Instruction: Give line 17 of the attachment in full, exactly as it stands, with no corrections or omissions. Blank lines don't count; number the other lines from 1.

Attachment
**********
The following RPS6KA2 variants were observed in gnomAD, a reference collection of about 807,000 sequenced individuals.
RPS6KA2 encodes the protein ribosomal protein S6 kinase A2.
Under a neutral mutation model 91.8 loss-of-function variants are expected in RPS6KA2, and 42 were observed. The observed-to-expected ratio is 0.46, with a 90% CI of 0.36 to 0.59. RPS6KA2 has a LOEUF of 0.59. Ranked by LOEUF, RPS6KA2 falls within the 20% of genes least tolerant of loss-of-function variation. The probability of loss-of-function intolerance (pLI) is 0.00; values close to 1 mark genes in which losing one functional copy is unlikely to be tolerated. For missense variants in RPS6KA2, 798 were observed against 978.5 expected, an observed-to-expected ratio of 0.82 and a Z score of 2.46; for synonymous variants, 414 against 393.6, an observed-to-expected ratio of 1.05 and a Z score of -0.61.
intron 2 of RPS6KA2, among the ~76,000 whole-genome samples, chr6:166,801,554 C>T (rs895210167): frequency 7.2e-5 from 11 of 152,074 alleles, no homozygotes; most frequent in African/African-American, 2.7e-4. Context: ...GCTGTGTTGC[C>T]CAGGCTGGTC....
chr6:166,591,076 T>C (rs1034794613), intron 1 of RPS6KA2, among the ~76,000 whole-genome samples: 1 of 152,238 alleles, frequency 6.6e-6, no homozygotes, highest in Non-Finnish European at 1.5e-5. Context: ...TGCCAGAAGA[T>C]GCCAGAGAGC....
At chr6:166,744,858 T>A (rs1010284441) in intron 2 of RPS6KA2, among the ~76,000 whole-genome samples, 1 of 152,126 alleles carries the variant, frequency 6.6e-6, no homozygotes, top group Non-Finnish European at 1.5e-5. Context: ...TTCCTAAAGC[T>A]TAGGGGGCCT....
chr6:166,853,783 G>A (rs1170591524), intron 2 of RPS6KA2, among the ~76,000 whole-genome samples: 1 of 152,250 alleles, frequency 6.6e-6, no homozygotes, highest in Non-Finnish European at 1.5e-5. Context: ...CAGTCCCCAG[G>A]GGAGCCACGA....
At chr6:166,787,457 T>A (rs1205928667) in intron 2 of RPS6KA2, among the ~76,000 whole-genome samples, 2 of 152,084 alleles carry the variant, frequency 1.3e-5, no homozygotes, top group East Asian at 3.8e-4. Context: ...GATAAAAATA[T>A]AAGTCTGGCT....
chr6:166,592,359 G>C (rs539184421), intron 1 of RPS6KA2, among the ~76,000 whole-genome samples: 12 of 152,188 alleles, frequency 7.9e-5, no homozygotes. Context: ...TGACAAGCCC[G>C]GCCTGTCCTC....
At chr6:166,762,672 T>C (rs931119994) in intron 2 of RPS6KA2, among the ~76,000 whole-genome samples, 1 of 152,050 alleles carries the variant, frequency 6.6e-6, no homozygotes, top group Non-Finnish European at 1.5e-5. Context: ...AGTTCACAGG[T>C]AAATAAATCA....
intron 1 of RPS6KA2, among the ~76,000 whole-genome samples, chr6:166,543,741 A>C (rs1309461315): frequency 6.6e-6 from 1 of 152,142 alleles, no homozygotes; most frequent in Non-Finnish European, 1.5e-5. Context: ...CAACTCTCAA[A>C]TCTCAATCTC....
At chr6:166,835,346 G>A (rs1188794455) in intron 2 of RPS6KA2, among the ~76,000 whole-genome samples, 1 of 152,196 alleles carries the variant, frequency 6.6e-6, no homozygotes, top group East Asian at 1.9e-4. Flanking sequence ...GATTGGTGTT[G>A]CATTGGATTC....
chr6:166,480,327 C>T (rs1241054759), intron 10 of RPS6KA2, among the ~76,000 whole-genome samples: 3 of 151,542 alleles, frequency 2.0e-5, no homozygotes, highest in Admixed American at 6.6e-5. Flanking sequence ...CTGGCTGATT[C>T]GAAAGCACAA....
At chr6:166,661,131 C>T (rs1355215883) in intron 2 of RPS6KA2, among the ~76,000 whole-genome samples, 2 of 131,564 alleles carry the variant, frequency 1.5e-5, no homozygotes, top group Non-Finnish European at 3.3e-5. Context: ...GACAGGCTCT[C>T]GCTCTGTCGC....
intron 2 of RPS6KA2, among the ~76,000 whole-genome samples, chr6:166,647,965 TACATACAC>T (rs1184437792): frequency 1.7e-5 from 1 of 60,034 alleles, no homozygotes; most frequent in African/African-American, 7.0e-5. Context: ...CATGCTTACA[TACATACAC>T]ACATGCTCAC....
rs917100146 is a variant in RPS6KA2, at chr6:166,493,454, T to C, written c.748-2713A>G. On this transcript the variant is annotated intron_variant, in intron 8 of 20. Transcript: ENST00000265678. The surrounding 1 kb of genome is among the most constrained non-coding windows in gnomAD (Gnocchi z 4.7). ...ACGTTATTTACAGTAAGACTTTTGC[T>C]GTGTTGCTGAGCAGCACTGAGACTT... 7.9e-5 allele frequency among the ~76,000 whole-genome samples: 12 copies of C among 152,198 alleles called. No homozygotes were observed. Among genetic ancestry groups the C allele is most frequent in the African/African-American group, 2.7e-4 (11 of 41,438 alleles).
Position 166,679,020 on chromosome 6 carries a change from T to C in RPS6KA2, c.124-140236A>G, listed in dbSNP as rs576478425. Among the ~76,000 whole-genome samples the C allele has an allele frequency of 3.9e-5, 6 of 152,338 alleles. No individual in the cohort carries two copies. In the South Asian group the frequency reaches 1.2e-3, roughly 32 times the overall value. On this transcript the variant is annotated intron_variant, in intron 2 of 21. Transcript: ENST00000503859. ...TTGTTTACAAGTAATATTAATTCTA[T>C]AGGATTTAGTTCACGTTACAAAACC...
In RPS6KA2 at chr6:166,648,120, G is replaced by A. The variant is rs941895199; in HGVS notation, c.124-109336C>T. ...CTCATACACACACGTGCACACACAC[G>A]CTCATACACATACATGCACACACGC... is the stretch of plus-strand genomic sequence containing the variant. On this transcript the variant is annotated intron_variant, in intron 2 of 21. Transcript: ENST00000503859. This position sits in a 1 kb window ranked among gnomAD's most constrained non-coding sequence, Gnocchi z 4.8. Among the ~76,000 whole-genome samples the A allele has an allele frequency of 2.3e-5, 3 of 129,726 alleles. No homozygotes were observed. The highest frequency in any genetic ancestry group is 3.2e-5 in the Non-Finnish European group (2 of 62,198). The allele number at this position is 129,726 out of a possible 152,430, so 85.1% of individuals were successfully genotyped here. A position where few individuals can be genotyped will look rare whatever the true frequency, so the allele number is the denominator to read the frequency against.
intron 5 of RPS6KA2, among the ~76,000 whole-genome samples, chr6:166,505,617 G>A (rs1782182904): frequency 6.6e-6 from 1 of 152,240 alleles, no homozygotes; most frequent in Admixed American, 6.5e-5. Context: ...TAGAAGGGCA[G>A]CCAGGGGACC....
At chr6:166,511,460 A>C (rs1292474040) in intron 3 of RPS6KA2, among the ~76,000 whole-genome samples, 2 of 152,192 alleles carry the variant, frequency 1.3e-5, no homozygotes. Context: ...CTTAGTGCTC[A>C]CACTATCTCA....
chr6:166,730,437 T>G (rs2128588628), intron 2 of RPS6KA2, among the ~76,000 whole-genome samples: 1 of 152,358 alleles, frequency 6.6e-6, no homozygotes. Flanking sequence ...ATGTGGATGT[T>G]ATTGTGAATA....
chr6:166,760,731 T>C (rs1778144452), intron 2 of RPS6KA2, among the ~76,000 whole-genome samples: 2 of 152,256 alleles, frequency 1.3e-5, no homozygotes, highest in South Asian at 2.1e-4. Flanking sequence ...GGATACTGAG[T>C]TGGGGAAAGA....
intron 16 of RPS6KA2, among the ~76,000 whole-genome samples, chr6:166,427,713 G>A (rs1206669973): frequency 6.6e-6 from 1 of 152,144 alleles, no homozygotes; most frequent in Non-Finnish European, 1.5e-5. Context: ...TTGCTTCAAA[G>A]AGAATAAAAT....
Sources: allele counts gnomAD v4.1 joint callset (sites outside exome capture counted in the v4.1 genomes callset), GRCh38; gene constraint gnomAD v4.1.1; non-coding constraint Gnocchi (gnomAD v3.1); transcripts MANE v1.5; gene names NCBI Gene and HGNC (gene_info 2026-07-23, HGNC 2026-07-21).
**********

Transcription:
Position 166,679,020 on chromosome 6 carries a change from T to C in RPS6KA2, c.124-140236A>G, listed in dbSNP as rs576478425. Among the ~76,000 whole-genome samples the C allele has an allele frequency of 3.9e-5, 6 of 152,338 alleles. No individual in the cohort carries two copies. In the South Asian group the frequency reaches 1.2e-3, roughly 32 times the overall value. On this transcript the variant is annotated intron_variant, in intron 2 of 21. Transcript: ENST00000503859. ...TTGTTTACAAGTAATATTAATTCTA[T>C]AGGATTTAGTTCACGTTACAAAACC...